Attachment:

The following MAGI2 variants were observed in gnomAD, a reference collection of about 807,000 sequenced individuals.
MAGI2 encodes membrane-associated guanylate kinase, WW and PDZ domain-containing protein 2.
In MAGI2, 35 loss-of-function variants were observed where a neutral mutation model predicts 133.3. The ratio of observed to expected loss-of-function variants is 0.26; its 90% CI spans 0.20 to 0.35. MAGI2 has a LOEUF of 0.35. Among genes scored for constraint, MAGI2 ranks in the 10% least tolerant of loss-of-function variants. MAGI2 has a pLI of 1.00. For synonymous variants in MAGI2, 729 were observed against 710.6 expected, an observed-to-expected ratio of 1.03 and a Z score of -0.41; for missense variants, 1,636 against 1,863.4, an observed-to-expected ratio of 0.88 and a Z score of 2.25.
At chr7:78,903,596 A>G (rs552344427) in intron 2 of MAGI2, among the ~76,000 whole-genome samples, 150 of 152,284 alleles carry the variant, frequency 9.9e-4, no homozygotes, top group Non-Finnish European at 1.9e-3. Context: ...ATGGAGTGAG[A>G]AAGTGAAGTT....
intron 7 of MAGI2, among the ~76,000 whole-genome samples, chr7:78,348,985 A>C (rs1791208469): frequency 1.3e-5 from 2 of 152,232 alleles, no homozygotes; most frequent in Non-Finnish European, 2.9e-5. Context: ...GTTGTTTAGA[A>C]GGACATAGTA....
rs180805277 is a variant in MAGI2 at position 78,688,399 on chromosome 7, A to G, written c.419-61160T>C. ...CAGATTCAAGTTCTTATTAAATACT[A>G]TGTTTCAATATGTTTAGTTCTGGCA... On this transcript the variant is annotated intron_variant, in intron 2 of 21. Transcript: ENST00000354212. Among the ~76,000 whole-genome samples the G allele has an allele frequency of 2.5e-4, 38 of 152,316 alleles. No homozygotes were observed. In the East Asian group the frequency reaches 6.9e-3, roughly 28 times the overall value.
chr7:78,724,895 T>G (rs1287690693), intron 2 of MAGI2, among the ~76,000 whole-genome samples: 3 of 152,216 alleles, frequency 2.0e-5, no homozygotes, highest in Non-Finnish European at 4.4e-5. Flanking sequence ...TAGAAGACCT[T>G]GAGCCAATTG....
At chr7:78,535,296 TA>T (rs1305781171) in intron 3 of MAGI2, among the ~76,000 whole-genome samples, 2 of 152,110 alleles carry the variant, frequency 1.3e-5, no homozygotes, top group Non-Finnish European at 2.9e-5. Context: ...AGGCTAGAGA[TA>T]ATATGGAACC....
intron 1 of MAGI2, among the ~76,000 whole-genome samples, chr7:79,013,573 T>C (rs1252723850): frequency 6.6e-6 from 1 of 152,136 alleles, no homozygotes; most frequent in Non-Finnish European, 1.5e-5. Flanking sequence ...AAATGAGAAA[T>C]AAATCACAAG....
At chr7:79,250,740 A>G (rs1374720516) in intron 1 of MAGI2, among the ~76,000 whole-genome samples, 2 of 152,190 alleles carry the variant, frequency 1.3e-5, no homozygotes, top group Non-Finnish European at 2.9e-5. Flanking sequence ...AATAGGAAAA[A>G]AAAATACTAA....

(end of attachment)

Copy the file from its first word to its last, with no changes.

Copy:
The following MAGI2 variants were observed in gnomAD, a reference collection of about 807,000 sequenced individuals.
MAGI2 encodes membrane-associated guanylate kinase, WW and PDZ domain-containing protein 2.
In MAGI2, 35 loss-of-function variants were observed where a neutral mutation model predicts 133.3. The ratio of observed to expected loss-of-function variants is 0.26; its 90% CI spans 0.20 to 0.35. MAGI2 has a LOEUF of 0.35. Among genes scored for constraint, MAGI2 ranks in the 10% least tolerant of loss-of-function variants. MAGI2 has a pLI of 1.00. For synonymous variants in MAGI2, 729 were observed against 710.6 expected, an observed-to-expected ratio of 1.03 and a Z score of -0.41; for missense variants, 1,636 against 1,863.4, an observed-to-expected ratio of 0.88 and a Z score of 2.25.
At chr7:78,903,596 A>G (rs552344427) in intron 2 of MAGI2, among the ~76,000 whole-genome samples, 150 of 152,284 alleles carry the variant, frequency 9.9e-4, no homozygotes, top group Non-Finnish European at 1.9e-3. Context: ...ATGGAGTGAG[A>G]AAGTGAAGTT....
intron 7 of MAGI2, among the ~76,000 whole-genome samples, chr7:78,348,985 A>C (rs1791208469): frequency 1.3e-5 from 2 of 152,232 alleles, no homozygotes; most frequent in Non-Finnish European, 2.9e-5. Context: ...GTTGTTTAGA[A>C]GGACATAGTA....
rs180805277 is a variant in MAGI2 at position 78,688,399 on chromosome 7, A to G, written c.419-61160T>C. ...CAGATTCAAGTTCTTATTAAATACT[A>G]TGTTTCAATATGTTTAGTTCTGGCA... On this transcript the variant is annotated intron_variant, in intron 2 of 21. Transcript: ENST00000354212. Among the ~76,000 whole-genome samples the G allele has an allele frequency of 2.5e-4, 38 of 152,316 alleles. No homozygotes were observed. In the East Asian group the frequency reaches 6.9e-3, roughly 28 times the overall value.
chr7:78,724,895 T>G (rs1287690693), intron 2 of MAGI2, among the ~76,000 whole-genome samples: 3 of 152,216 alleles, frequency 2.0e-5, no homozygotes, highest in Non-Finnish European at 4.4e-5. Flanking sequence ...TAGAAGACCT[T>G]GAGCCAATTG....
At chr7:78,535,296 TA>T (rs1305781171) in intron 3 of MAGI2, among the ~76,000 whole-genome samples, 2 of 152,110 alleles carry the variant, frequency 1.3e-5, no homozygotes, top group Non-Finnish European at 2.9e-5. Context: ...AGGCTAGAGA[TA>T]ATATGGAACC....
intron 1 of MAGI2, among the ~76,000 whole-genome samples, chr7:79,013,573 T>C (rs1252723850): frequency 6.6e-6 from 1 of 152,136 alleles, no homozygotes; most frequent in Non-Finnish European, 1.5e-5. Flanking sequence ...AAATGAGAAA[T>C]AAATCACAAG....
At chr7:79,250,740 A>G (rs1374720516) in intron 1 of MAGI2, among the ~76,000 whole-genome samples, 2 of 152,190 alleles carry the variant, frequency 1.3e-5, no homozygotes, top group Non-Finnish European at 2.9e-5. Flanking sequence ...AATAGGAAAA[A>G]AAAATACTAA....